|Germany 1940||Giant Würzburg||1500||40-60 km||7—11 kW||517—566 MHz||2.0||1875||Anti aircraft|
|Germany 1942||Mannheim||400||25-40 km||15—20 kW||483—566 MHz||1.5||3570||Anti aircraft|
|Japan 1942||Tachi-6||350||300 km||?||68—80 MHz||25—30||500, 1000||Early warning|
|Japan 1943||Tachi-1||30||17 km||5 kW||200 MHz||2.0||1000||Anti aircraft|
|Japan 1945||Tachi-31||70||35 km||50 kW||187—214 MHz||N/A||N/A||Anti aircraft|
|All anti-aircraft radars were also used for searchlight control, except for Giant Würzburg and SCR-584. Giant Würzburg was also used for night fighter control. From IEEE Spectrum, Aug 1987, referencing "The History of U.S. Electronic Warfare" by Alfred Price for German and Japanese systems; the Historical Electronics Museum and "Radar: A Reluctant Miracle" by John B McKinney for U.S. systems; and "Technical History of the Beginnings of Radar" by S.S. Swords for the U.K. See my other page for pictures from my visit to the Historical Electronics Museum.|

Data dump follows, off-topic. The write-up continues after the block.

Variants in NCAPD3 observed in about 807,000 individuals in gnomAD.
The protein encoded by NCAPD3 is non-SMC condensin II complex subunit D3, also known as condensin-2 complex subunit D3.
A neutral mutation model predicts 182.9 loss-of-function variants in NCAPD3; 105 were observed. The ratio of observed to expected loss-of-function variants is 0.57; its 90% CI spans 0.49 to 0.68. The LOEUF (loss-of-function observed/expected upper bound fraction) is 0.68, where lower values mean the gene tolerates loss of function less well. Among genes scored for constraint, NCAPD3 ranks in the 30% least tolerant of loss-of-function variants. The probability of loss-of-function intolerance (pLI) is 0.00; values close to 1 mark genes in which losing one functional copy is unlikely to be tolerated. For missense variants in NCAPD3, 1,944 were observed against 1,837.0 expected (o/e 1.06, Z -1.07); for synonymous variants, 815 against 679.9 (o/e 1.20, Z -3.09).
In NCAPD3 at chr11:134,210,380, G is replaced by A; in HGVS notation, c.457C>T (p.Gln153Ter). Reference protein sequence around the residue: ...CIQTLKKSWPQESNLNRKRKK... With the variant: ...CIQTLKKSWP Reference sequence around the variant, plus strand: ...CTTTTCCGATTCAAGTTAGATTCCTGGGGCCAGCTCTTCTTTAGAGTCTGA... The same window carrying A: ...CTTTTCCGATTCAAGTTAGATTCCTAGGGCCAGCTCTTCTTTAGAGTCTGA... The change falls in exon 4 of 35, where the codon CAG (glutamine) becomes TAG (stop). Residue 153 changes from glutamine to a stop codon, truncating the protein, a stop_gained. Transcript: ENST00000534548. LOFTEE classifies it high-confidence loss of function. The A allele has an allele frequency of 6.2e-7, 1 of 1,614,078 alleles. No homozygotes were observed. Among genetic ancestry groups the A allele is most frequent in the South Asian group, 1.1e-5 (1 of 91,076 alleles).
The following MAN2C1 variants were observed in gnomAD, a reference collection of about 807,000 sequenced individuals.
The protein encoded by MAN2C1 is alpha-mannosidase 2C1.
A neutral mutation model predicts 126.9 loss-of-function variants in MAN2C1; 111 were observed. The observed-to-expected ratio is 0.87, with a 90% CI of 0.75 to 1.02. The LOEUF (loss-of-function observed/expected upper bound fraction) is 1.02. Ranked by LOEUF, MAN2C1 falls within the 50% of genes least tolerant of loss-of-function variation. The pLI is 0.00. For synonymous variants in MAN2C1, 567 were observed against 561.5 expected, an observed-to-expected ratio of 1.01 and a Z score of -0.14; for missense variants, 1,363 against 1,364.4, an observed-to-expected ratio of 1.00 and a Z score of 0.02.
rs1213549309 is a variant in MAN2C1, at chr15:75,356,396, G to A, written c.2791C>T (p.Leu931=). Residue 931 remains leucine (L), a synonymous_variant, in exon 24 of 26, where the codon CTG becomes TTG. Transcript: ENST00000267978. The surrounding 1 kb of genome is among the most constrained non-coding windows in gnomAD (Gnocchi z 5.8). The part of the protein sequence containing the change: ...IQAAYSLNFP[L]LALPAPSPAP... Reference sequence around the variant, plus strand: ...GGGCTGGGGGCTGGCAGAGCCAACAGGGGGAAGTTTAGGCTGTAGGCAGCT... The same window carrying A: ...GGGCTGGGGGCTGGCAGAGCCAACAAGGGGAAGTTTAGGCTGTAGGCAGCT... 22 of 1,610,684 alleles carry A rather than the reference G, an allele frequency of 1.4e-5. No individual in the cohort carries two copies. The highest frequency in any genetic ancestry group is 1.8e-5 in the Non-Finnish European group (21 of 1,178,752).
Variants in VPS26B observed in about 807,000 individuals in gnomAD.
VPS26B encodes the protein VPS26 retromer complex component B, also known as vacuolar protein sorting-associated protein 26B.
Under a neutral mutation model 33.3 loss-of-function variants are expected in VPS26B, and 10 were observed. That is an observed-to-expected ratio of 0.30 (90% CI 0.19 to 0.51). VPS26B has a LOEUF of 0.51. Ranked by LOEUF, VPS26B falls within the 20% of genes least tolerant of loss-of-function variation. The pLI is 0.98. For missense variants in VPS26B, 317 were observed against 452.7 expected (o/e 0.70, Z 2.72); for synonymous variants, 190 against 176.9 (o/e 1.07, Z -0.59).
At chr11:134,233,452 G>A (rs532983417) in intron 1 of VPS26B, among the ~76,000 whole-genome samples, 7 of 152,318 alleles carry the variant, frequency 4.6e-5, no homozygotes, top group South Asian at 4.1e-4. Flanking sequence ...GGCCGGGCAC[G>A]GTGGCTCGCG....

The Cold War era ROC posts were hardened against nuclear blast effects and radiation. 870 underground monitoring posts were constructed roughly ten miles apart all over Britain and Northern Island in 1960-1968. The posts were excavated down to twenty-five feet, a reinforced concrete structure was poured and waterproofed, and the whole thing covered by a compacted soil mound. The post was entered down vertical shaft with a steel ladder. The post consisted of one main room for work and accommodation plus a separate toilet compartment. Air was circulated from ventilators at both ends, and electricity was provided from a 12 V battery system periodically recharged by a portable generator. Instrumentation included: